The law of unintended consequences

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Should we be rethinking wildlife protection, asks Andrew Livingston, as we attempt to balance biodiversity in the UK’s struggling ecosystems

A common buzzard was once a rare sight but is now frequently seen soaring over Dorset

n last months edition of the BV Magazine I reported on the news of Paul Allen’s arrest and sentencing for rural and wildlife offences, in connection with raptors on the Shaftesbury Estate. (Dorset one of worst counties for raptor persecution, says RSPB, after poisoned birds are found – Apr 23). The article sparked a great debate online (see the post and all comments here) –but I was surprised to see no mention of human interference in the food chain.

The killing of raptors is against the law, therefore Paul Allen’s actions were illegal.
But at some point the law is going to have to be revisited. Even 30 years ago, the sight of a buzzard was a rare occurrence; today the breed dominates the skies over rural Dorset.
Nationally red kites and eagles are rarer, but red kite numbers have risen substantially in recent years. They all hunt and eat the same foods – foods that include our beloved hedgehog, whose other main predator is the badger (yet another protected species in the UK).Every intervention – or non intervention – has a direct effect on the sensitive ecosystems in our rural areas.
The worst thing we ever did was to get involved! Unfortunately, proponents for banning the persecution of animals don’t appear to understand the law of unintended consequences.
In 1975 Sam Peltzman from the University of Chicago conducted a study into car safety in the US. In the states that passed the seat belt legislation there was an increase in the rates of traffic accidents. Because people felt safer, they drove just a little more recklessly. The unintended consequence of a safety law was more dangerous driving.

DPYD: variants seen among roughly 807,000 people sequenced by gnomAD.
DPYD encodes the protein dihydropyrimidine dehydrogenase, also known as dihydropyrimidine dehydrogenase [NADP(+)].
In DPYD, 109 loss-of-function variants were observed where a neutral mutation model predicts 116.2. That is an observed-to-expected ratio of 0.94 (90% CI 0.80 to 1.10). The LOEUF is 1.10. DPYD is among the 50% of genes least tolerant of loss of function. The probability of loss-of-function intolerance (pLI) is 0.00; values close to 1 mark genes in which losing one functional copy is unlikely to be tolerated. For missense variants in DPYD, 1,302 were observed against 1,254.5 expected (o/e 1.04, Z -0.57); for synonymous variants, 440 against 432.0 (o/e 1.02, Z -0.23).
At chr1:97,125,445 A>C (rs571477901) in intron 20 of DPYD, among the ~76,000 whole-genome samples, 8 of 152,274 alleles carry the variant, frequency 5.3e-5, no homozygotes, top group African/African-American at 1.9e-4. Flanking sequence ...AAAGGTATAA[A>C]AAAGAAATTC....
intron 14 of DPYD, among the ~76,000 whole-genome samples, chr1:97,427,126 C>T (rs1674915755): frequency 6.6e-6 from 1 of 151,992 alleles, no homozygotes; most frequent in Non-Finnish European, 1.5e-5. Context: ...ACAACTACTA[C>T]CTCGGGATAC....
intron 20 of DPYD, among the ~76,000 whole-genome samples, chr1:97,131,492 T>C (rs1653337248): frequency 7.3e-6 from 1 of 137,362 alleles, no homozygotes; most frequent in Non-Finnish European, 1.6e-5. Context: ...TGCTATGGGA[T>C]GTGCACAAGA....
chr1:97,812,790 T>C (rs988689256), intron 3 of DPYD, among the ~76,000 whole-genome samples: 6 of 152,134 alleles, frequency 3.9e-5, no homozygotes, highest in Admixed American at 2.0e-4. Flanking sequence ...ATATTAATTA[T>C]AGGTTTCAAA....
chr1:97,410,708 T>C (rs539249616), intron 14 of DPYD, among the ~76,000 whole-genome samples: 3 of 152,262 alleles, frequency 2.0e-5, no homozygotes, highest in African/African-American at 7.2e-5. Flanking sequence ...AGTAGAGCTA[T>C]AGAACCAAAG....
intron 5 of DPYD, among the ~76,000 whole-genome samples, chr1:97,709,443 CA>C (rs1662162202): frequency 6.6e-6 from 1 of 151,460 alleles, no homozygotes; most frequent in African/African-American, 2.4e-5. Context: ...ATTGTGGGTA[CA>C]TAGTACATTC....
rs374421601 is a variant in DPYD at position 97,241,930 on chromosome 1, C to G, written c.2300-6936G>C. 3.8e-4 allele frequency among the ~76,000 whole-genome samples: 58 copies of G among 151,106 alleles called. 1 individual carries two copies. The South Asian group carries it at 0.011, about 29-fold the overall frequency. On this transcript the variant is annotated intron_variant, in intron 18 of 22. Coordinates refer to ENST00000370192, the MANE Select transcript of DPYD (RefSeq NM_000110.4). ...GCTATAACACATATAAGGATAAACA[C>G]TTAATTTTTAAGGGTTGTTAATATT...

Build the habitats
If we focus on protecting certain animals in our countryside, we can unintentionally reduce the biodiversity. Top predator numbers will naturally get stronger and they can begin to decimate the lower rungs of the food chain, creating an imbalance which has a ripple effect throughout the carefully balance ecosystem
To encourage biodiversity we need to focus on building the habitats for animals to thrive.
Rather than species protection, we should aim to grow biodiversity from the bottom of the food chain. This then supports the entire food chain up to the top predators.
Unfortunately the bottom of the food chain is rarely populated by the beautiful ones.

The work of the beavers on Clinton Devon Estates was visible during the 2022 drought

The beaver issue
Reintroducing animals that haven’t existed in an ecosystem for decades or centuries can also carry the risks of unintended consequences. Since 2008 there has been a programme to reintroduce beavers to various parts of the UK. Now there are thought to be hundreds of Eurasian beavers living wild in England, mostly here in the south west. It is hoped that their natural activities of digging, chewing through trees and building large pools of water will improve struggling ecosystems, restore vanishing wetland habitats, and support increased biodiversity.
The image, right, was taken last summer at the height of the drought on the Clinton Devon Estates. Beavers had created several dams, and it was fantastic for local wildlife. The new wetland also brings flood prevention benefits and increased carbon capture.
However, a 2021 Natural England report suggested that reintroduced beavers may introduce new or previously eradicated parasites, or they may establish new transmission routes for the infection of humans, domesticated livestock and existing wildlife.
I admit I don’t have all the answers … in fact I don’t think I have any answers.
What I do know, however, is that the more we try to help, the worse it all seems to get.

Sponsored by Trethowans – Law as it should be

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